Real-Time DPM Ambient Monitoring in Underground Mines
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Real-Time DPM Ambient Monitoring in Underground Mines

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    Mine Ventilation: Proceedings of the Ninth International Mine Ventilation Congress, New Delhi, India, November 10-13, 2009. Panigrahi DC, ed., New Delhi, India: Oxford & IBH Publishing Co. Pvt. Ltd., 2009 Nov; 2:821-830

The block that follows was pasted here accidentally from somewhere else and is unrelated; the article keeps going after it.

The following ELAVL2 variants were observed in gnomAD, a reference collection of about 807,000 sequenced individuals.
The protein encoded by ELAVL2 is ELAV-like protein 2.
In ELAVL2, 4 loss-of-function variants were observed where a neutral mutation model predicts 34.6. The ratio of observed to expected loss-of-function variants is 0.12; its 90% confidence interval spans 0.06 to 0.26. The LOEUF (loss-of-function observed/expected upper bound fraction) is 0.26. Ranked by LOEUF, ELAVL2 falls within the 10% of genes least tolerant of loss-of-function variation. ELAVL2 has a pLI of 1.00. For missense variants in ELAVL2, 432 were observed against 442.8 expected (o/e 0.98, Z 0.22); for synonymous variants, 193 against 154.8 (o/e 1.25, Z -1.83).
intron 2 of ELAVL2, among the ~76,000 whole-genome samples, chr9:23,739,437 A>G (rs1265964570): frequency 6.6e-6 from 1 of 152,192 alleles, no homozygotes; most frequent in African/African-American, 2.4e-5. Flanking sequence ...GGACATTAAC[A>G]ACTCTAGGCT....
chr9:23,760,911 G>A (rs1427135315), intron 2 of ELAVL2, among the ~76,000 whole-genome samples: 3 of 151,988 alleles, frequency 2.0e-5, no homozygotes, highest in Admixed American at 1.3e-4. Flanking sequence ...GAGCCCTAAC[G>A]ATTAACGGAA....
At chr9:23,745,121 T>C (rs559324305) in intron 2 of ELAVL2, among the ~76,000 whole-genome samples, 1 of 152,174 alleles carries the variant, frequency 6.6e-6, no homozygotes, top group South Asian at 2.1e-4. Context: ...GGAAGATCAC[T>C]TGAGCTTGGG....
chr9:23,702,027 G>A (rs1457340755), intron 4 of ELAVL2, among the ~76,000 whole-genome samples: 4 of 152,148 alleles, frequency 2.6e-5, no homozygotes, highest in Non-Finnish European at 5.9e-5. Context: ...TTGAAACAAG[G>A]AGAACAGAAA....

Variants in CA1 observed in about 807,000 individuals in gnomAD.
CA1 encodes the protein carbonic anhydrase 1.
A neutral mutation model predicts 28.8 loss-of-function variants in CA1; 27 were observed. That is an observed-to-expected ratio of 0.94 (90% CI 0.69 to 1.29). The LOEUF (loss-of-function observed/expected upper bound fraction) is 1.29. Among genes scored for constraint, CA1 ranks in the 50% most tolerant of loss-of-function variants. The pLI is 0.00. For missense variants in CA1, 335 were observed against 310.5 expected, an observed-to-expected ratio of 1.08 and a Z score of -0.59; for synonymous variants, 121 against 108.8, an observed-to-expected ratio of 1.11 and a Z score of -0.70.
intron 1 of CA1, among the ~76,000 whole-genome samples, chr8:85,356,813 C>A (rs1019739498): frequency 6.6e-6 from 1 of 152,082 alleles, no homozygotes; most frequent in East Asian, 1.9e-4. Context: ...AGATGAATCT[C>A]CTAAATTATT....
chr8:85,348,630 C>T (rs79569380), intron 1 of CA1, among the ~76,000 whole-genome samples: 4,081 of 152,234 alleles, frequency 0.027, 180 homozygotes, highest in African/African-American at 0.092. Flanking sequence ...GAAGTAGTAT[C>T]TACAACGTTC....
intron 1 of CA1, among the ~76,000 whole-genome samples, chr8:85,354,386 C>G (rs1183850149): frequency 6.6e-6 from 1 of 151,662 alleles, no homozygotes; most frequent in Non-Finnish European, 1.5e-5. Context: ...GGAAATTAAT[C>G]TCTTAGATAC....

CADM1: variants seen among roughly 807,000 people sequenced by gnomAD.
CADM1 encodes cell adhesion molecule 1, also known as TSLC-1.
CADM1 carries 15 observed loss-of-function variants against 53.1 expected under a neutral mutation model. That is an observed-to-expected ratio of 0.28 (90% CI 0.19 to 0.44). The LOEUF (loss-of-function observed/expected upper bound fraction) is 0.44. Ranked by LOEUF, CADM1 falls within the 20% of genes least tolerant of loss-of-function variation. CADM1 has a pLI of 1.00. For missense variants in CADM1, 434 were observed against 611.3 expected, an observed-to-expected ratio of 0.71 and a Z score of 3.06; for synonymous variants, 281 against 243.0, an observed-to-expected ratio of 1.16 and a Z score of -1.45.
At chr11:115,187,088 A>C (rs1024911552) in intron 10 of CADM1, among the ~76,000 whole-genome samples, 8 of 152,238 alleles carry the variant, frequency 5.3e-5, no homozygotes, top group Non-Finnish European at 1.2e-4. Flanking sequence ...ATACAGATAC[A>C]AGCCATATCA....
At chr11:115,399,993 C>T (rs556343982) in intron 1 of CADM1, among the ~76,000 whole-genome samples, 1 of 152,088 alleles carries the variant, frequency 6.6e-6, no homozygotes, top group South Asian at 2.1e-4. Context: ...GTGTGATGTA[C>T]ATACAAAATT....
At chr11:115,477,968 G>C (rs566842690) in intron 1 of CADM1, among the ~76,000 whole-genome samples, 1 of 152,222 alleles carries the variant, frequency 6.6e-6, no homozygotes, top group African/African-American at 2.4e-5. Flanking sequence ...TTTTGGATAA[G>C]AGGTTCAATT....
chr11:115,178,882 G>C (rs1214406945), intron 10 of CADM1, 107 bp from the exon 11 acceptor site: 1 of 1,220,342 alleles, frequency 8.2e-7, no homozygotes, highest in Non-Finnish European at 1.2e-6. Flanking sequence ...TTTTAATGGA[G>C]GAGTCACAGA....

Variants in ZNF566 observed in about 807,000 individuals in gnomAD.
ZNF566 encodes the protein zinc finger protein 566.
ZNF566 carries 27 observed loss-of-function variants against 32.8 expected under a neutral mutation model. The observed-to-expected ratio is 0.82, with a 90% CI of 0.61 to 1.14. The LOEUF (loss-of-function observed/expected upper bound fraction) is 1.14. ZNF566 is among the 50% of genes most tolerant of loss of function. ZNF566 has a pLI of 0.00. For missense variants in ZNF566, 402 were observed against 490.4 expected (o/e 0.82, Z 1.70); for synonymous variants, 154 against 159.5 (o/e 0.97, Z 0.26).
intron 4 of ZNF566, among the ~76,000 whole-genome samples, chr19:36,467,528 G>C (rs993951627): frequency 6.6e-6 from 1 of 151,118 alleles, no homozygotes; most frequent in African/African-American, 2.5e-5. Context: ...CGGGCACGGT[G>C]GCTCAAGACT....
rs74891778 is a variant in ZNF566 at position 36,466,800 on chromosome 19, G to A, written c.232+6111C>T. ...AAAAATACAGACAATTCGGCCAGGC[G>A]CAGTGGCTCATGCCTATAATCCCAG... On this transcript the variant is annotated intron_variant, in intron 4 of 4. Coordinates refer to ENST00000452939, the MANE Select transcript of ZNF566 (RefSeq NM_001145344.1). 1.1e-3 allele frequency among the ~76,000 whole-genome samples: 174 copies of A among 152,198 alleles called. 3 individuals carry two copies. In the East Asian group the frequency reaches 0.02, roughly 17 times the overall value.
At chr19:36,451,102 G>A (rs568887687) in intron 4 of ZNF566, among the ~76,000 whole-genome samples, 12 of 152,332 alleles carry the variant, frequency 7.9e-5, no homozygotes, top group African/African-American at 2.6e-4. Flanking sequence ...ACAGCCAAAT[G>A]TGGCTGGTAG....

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    A real-time Diesel Particulate Matter (DPM) monitor has been developed on the basis of the successful National Institute of Occupational Health and Safety (NIOSH) designed Personal Dust Monitor (PDM) unit. The objectives of a recently completed Australian Coal Association Research Program (ACARP) study were to modify the PDM to measure the submicrometre fraction of the aerosol in a real-time monitoring underground instrument. Mine testing focused on use of the monitor in engineering evaluations to determine how conditions can be improved. Studies, including a selection during Longwall (LW) moves as described in this paper, demonstrated how DPM concentrations from vehicles fluctuate under varying ventilation and operational conditions. Correlation between the current SKC DPM measurement system and real-time DPM monitors were conducted and results from six mines show a correlation between elemental carbon (EC) and the new monitor DPM mass ranging from .51 to .81 with R2 >.90. These differences are suspected to be due to variations from mine to mine in aspects such as mine atmospheric contamination, vehicle fleet variations, fuel type, engine maintenance, engine combustion efficiency, engine behaviour or interference from other submicrometre aerosol. Real-time monitoring readily reflects the movement of individual diesel vehicles and allows pin-pointing of high exposure zones such as those encountered where various vehicles work in areas of constrained or difficult ventilation. DPM monitoring approaches that have been available for some time based on shift average monitoring do not readily allow successful engineering evaluation exercises to determine acceptability of pollution levels. Identification of high DPM concentration zones allows efficient modification of mine ventilation, operator positioning and other work practices t o reduce miners’ exposures without waiting for laboratory analysis results.
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